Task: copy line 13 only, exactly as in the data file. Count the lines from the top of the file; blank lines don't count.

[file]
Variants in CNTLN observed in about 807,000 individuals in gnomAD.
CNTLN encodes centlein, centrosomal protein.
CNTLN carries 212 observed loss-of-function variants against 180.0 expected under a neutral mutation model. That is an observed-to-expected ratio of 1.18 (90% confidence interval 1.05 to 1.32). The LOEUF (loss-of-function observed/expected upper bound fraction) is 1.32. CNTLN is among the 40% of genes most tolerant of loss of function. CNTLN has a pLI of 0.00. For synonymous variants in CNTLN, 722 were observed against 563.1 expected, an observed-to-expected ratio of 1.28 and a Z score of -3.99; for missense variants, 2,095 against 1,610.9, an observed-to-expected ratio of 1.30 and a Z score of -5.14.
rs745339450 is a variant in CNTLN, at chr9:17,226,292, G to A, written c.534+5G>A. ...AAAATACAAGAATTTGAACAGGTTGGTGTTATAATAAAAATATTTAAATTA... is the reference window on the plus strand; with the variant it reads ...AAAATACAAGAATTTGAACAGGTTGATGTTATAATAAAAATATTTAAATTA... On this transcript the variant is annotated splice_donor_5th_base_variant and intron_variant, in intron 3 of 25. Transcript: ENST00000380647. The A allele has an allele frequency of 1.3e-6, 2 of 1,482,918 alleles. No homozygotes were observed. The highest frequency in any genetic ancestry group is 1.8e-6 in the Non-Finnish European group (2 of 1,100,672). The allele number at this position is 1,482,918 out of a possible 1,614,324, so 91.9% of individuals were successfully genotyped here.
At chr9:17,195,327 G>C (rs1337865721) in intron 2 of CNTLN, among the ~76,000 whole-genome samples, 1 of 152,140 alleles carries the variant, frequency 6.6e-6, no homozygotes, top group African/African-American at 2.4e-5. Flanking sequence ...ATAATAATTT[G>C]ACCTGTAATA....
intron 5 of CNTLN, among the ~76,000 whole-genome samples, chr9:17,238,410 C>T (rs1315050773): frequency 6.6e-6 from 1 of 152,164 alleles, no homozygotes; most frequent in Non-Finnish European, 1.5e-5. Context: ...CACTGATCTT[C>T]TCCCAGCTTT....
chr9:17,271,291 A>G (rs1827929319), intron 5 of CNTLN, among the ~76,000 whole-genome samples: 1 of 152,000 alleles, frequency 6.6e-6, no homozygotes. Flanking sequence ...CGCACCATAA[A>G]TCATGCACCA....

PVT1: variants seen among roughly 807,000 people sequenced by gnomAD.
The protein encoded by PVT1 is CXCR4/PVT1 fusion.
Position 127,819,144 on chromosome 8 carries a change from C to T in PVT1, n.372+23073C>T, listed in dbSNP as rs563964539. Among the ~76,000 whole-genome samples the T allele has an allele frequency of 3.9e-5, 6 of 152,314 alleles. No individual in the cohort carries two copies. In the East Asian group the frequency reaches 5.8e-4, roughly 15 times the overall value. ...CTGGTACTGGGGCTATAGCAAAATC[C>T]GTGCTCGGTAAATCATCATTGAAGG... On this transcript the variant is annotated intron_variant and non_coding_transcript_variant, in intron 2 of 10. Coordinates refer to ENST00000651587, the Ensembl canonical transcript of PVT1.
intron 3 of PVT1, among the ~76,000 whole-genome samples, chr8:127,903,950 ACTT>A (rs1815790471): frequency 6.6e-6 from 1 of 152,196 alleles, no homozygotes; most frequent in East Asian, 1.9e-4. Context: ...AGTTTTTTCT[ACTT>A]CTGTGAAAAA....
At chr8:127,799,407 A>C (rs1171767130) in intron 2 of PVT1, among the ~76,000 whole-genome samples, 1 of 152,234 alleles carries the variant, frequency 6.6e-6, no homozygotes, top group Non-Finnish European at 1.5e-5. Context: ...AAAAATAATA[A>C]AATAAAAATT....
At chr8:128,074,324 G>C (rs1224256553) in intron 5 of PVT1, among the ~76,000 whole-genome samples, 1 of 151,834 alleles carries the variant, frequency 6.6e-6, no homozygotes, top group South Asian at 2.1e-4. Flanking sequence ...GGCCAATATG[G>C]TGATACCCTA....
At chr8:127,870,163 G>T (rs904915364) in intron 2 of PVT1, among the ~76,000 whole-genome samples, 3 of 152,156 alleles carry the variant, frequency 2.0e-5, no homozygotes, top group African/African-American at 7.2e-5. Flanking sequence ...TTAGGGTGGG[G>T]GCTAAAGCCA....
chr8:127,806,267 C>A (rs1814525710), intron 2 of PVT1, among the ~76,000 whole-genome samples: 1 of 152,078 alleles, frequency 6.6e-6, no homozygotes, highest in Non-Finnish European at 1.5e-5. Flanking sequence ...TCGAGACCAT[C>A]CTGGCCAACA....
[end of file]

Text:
At chr8:128,074,324 G>C (rs1224256553) in intron 5 of PVT1, among the ~76,000 whole-genome samples, 1 of 151,834 alleles carries the variant, frequency 6.6e-6, no homozygotes, top group South Asian at 2.1e-4. Flanking sequence ...GGCCAATATG[G>C]TGATACCCTA....